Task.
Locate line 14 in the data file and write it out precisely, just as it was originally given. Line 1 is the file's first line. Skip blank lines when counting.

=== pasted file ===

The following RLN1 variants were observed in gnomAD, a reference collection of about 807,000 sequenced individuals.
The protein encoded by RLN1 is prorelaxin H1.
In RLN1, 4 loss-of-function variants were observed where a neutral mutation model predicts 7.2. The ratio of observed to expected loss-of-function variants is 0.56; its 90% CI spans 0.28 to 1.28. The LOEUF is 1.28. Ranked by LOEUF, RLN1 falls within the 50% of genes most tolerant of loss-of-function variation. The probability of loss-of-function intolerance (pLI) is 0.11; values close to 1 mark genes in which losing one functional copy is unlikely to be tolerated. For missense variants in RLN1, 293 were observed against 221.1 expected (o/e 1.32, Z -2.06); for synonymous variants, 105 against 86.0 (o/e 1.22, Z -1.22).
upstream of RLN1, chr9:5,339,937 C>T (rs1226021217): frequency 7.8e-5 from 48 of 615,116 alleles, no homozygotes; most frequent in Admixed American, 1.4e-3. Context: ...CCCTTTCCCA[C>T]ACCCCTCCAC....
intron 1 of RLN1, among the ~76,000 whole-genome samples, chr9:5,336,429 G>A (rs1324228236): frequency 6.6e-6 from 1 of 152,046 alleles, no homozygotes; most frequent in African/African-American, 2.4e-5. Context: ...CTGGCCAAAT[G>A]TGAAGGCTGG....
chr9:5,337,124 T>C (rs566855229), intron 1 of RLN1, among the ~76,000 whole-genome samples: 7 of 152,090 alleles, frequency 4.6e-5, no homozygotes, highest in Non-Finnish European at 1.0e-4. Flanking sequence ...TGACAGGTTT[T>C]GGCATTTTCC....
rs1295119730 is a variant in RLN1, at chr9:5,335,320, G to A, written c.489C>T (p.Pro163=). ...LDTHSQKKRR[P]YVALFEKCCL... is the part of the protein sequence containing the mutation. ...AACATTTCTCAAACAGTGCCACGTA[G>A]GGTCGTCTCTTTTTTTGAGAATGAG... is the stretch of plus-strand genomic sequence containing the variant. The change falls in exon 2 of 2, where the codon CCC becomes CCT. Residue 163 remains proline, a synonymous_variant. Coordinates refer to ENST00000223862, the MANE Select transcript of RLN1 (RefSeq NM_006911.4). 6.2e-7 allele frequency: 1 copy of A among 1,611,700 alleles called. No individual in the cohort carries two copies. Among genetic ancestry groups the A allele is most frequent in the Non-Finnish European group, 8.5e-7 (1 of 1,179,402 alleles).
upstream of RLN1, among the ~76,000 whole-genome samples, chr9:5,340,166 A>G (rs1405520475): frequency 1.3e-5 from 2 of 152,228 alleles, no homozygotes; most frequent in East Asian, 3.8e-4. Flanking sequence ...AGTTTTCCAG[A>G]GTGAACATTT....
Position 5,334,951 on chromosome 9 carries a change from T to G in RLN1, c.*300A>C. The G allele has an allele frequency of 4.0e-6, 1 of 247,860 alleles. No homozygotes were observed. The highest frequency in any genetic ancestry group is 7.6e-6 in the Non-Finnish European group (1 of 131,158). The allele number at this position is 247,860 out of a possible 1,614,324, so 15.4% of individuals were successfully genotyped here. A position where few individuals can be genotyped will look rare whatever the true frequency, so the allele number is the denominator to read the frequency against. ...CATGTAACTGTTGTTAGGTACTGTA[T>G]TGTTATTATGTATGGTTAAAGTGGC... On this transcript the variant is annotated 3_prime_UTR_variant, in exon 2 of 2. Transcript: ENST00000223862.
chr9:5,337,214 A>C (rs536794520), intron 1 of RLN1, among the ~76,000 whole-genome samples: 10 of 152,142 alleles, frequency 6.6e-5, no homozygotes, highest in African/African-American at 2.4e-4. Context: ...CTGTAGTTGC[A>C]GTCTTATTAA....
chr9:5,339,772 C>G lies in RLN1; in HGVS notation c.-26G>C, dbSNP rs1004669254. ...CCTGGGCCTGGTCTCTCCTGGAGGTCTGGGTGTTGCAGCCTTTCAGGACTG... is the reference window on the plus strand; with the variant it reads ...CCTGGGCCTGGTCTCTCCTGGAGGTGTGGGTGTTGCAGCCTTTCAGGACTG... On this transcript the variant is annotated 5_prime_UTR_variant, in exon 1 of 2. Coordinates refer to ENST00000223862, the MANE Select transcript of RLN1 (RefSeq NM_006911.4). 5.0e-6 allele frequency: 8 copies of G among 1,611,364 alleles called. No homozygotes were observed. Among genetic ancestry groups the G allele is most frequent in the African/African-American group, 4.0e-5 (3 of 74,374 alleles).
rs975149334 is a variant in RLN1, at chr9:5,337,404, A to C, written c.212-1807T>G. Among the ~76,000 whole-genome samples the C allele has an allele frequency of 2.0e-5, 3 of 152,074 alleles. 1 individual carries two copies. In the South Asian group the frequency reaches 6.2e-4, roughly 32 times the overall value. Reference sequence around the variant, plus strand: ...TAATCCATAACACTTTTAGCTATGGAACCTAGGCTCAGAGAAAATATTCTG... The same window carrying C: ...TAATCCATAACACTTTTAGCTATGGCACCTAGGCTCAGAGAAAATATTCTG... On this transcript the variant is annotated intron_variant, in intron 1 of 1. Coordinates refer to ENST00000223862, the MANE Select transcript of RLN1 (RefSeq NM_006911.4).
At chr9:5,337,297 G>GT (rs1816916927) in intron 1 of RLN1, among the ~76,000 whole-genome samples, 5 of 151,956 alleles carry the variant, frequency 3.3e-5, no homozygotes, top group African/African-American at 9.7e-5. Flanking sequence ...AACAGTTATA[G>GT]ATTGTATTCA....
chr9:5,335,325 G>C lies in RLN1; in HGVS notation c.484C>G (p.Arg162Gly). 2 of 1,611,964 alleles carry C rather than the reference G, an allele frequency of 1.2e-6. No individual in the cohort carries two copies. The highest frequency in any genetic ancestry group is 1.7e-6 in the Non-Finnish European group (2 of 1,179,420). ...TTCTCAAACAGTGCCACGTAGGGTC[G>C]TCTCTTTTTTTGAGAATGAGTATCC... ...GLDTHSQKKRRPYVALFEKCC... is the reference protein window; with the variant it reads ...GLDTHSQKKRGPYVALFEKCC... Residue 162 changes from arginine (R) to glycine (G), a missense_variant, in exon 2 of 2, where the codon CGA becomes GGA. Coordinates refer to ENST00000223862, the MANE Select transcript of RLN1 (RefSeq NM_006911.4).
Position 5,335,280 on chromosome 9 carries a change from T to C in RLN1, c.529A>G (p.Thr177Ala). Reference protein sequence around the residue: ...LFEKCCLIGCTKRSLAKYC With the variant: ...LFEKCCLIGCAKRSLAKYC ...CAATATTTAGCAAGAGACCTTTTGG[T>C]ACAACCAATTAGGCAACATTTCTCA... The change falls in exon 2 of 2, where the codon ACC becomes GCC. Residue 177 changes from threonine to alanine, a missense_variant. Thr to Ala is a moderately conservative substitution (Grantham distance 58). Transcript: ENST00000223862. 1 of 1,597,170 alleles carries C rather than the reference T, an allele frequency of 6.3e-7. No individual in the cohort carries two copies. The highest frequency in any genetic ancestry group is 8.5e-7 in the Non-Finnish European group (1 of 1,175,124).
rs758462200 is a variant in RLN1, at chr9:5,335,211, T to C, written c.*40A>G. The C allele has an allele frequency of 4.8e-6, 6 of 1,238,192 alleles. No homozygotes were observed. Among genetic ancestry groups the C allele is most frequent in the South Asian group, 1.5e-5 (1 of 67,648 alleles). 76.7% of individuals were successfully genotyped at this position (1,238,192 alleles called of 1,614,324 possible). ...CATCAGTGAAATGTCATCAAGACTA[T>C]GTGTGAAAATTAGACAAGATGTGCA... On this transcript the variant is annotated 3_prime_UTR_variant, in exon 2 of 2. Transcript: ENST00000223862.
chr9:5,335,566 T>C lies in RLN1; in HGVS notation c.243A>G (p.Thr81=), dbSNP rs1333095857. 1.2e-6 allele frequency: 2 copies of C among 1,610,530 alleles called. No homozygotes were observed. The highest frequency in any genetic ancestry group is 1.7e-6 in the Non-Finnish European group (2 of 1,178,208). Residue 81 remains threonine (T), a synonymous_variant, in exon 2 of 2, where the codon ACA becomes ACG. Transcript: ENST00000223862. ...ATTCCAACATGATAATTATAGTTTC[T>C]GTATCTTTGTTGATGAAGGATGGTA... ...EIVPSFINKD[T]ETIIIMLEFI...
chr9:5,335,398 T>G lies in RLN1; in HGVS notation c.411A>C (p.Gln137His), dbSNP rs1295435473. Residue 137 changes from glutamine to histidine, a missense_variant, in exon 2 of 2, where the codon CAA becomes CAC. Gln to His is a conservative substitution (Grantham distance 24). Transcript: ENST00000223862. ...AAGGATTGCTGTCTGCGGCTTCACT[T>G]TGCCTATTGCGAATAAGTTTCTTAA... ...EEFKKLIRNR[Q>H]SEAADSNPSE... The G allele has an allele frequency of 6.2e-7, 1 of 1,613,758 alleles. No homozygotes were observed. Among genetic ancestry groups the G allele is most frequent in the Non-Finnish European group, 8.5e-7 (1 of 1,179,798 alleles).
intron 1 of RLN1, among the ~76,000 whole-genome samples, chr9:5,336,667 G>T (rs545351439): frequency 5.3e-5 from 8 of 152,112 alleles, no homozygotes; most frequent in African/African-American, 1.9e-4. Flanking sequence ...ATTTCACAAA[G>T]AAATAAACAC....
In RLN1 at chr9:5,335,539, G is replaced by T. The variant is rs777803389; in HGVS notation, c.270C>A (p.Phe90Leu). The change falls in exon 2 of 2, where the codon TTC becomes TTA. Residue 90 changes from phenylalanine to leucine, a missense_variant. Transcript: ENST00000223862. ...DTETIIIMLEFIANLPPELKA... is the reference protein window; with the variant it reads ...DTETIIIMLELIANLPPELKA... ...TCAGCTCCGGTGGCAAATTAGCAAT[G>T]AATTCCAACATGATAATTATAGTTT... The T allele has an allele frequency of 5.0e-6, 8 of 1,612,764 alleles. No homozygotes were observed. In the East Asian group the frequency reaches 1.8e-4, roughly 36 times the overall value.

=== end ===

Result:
chr9:5,335,325 G>C lies in RLN1; in HGVS notation c.484C>G (p.Arg162Gly). 2 of 1,611,964 alleles carry C rather than the reference G, an allele frequency of 1.2e-6. No individual in the cohort carries two copies. The highest frequency in any genetic ancestry group is 1.7e-6 in the Non-Finnish European group (2 of 1,179,420). ...TTCTCAAACAGTGCCACGTAGGGTC[G>C]TCTCTTTTTTTGAGAATGAGTATCC... ...GLDTHSQKKRRPYVALFEKCC... is the reference protein window; with the variant it reads ...GLDTHSQKKRGPYVALFEKCC... Residue 162 changes from arginine (R) to glycine (G), a missense_variant, in exon 2 of 2, where the codon CGA becomes GGA. Coordinates refer to ENST00000223862, the MANE Select transcript of RLN1 (RefSeq NM_006911.4).